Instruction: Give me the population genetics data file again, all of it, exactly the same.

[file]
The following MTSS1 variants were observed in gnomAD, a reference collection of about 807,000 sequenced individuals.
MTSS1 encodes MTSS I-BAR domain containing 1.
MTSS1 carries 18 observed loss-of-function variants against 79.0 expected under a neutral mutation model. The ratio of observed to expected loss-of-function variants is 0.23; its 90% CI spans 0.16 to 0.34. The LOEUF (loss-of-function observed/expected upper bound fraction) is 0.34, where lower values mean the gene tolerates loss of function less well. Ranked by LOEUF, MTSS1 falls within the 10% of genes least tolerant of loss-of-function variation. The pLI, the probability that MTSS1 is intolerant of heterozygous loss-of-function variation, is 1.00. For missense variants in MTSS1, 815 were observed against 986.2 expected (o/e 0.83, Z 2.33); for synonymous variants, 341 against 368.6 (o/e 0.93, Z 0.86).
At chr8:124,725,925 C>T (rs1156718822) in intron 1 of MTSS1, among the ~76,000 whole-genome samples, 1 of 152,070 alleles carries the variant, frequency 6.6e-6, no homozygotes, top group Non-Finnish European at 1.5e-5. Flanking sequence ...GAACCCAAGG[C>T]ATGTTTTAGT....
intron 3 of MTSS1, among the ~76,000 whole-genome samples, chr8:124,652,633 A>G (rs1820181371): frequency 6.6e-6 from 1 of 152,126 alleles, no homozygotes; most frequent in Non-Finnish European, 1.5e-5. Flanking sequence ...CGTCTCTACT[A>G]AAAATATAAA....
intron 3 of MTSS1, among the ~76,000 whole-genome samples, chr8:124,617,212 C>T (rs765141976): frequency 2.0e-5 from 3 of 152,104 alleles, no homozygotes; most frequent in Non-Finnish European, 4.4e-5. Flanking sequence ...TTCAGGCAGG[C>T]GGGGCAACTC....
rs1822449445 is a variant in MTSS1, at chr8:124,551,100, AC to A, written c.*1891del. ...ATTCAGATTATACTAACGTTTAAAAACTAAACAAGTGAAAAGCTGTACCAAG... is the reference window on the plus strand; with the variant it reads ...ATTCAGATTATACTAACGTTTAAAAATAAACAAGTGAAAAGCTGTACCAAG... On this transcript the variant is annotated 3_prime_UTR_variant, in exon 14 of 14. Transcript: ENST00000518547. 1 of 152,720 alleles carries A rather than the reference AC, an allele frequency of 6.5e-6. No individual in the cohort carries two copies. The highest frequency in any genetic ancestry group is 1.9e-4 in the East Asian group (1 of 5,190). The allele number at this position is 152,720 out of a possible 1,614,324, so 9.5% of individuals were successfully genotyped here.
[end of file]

The following MTSS1 variants were observed in gnomAD, a reference collection of about 807,000 sequenced individuals.
MTSS1 encodes MTSS I-BAR domain containing 1.
MTSS1 carries 18 observed loss-of-function variants against 79.0 expected under a neutral mutation model. The ratio of observed to expected loss-of-function variants is 0.23; its 90% CI spans 0.16 to 0.34. The LOEUF (loss-of-function observed/expected upper bound fraction) is 0.34, where lower values mean the gene tolerates loss of function less well. Ranked by LOEUF, MTSS1 falls within the 10% of genes least tolerant of loss-of-function variation. The pLI, the probability that MTSS1 is intolerant of heterozygous loss-of-function variation, is 1.00. For missense variants in MTSS1, 815 were observed against 986.2 expected (o/e 0.83, Z 2.33); for synonymous variants, 341 against 368.6 (o/e 0.93, Z 0.86).
At chr8:124,725,925 C>T (rs1156718822) in intron 1 of MTSS1, among the ~76,000 whole-genome samples, 1 of 152,070 alleles carries the variant, frequency 6.6e-6, no homozygotes, top group Non-Finnish European at 1.5e-5. Flanking sequence ...GAACCCAAGG[C>T]ATGTTTTAGT....
intron 3 of MTSS1, among the ~76,000 whole-genome samples, chr8:124,652,633 A>G (rs1820181371): frequency 6.6e-6 from 1 of 152,126 alleles, no homozygotes; most frequent in Non-Finnish European, 1.5e-5. Flanking sequence ...CGTCTCTACT[A>G]AAAATATAAA....
intron 3 of MTSS1, among the ~76,000 whole-genome samples, chr8:124,617,212 C>T (rs765141976): frequency 2.0e-5 from 3 of 152,104 alleles, no homozygotes; most frequent in Non-Finnish European, 4.4e-5. Flanking sequence ...TTCAGGCAGG[C>T]GGGGCAACTC....
rs1822449445 is a variant in MTSS1, at chr8:124,551,100, AC to A, written c.*1891del. ...ATTCAGATTATACTAACGTTTAAAAACTAAACAAGTGAAAAGCTGTACCAAG... is the reference window on the plus strand; with the variant it reads ...ATTCAGATTATACTAACGTTTAAAAATAAACAAGTGAAAAGCTGTACCAAG... On this transcript the variant is annotated 3_prime_UTR_variant, in exon 14 of 14. Transcript: ENST00000518547. 1 of 152,720 alleles carries A rather than the reference AC, an allele frequency of 6.5e-6. No individual in the cohort carries two copies. The highest frequency in any genetic ancestry group is 1.9e-4 in the East Asian group (1 of 5,190). The allele number at this position is 152,720 out of a possible 1,614,324, so 9.5% of individuals were successfully genotyped here.